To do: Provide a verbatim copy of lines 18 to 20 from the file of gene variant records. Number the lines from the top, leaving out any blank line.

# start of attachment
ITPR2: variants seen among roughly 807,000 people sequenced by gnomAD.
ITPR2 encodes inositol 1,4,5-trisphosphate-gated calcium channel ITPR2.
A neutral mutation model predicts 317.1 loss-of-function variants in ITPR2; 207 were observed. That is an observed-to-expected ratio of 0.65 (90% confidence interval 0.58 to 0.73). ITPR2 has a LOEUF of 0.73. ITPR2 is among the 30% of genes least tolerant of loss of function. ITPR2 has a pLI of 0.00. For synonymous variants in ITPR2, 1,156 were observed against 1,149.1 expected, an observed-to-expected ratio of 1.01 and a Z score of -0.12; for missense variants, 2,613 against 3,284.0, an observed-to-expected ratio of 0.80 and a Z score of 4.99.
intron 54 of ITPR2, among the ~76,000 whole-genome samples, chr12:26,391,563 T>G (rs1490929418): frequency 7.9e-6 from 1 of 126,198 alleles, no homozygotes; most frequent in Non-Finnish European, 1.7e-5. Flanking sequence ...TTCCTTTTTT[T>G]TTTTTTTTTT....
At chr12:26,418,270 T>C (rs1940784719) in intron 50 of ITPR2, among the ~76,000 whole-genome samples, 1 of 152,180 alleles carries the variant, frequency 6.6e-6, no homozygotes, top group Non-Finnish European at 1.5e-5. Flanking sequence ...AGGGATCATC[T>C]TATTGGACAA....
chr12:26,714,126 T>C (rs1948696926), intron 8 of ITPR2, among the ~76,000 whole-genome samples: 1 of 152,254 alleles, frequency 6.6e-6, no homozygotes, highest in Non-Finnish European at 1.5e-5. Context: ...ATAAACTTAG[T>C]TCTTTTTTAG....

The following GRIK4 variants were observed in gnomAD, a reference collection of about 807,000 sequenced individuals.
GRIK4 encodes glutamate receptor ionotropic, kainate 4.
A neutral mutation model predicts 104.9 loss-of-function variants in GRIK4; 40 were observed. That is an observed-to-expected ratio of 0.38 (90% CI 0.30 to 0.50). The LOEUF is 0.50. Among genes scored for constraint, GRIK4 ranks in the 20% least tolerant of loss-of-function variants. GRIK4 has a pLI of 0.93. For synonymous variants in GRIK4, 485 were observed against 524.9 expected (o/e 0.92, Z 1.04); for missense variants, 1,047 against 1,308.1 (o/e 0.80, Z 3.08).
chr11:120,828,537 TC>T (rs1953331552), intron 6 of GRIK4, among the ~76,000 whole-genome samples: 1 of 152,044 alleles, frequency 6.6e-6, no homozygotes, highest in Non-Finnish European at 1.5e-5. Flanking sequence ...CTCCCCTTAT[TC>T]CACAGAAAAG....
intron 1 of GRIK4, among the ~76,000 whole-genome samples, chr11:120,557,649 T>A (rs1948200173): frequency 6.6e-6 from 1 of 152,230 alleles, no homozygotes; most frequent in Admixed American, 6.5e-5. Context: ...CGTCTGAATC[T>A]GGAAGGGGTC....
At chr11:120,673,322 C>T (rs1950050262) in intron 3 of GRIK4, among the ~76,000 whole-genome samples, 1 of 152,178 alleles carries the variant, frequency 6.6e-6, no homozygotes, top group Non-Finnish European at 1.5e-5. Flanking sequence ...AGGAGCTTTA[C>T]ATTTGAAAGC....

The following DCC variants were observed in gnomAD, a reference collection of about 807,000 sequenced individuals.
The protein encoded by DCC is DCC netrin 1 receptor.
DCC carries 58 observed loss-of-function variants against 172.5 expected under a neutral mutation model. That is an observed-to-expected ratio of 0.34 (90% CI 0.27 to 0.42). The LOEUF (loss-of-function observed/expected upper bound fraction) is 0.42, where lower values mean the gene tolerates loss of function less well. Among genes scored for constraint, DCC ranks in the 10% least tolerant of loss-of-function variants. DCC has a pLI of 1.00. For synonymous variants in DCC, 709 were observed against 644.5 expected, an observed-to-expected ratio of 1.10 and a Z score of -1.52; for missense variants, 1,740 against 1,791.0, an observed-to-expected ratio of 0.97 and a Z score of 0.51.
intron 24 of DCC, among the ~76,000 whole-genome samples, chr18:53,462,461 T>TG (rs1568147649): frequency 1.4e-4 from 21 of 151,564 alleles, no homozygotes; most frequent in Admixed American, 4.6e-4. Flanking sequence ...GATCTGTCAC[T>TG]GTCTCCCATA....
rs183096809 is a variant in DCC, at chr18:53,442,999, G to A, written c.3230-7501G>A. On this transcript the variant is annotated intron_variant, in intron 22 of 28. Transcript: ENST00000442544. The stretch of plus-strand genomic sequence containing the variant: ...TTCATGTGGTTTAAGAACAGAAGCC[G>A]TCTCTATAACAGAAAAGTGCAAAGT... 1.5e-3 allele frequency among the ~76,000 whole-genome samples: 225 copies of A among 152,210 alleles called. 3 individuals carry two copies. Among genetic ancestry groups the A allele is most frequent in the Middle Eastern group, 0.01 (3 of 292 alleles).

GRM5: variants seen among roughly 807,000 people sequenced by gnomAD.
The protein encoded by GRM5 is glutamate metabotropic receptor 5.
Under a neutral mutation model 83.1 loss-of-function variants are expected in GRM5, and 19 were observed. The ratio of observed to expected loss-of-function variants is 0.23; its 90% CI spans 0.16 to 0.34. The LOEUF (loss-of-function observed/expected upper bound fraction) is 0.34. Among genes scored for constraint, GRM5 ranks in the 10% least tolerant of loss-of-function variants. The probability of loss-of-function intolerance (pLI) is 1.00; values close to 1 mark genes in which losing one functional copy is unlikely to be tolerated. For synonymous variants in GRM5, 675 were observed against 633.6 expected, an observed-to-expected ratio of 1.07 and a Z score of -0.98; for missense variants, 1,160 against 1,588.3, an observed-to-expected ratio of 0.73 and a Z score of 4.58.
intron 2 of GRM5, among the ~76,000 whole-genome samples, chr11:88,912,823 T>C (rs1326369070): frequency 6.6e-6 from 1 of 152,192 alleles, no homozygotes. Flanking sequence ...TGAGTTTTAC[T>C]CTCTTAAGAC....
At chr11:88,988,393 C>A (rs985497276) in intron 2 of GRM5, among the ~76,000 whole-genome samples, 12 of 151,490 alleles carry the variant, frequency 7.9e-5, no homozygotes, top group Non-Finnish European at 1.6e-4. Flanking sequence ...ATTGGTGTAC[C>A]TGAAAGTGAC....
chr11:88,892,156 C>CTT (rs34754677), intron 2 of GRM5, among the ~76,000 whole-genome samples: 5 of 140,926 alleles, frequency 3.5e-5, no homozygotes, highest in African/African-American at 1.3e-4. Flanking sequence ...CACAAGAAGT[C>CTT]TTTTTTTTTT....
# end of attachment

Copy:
GRM5: variants seen among roughly 807,000 people sequenced by gnomAD.
The protein encoded by GRM5 is glutamate metabotropic receptor 5.
Under a neutral mutation model 83.1 loss-of-function variants are expected in GRM5, and 19 were observed. The ratio of observed to expected loss-of-function variants is 0.23; its 90% CI spans 0.16 to 0.34. The LOEUF (loss-of-function observed/expected upper bound fraction) is 0.34. Among genes scored for constraint, GRM5 ranks in the 10% least tolerant of loss-of-function variants. The probability of loss-of-function intolerance (pLI) is 1.00; values close to 1 mark genes in which losing one functional copy is unlikely to be tolerated. For synonymous variants in GRM5, 675 were observed against 633.6 expected, an observed-to-expected ratio of 1.07 and a Z score of -0.98; for missense variants, 1,160 against 1,588.3, an observed-to-expected ratio of 0.73 and a Z score of 4.58.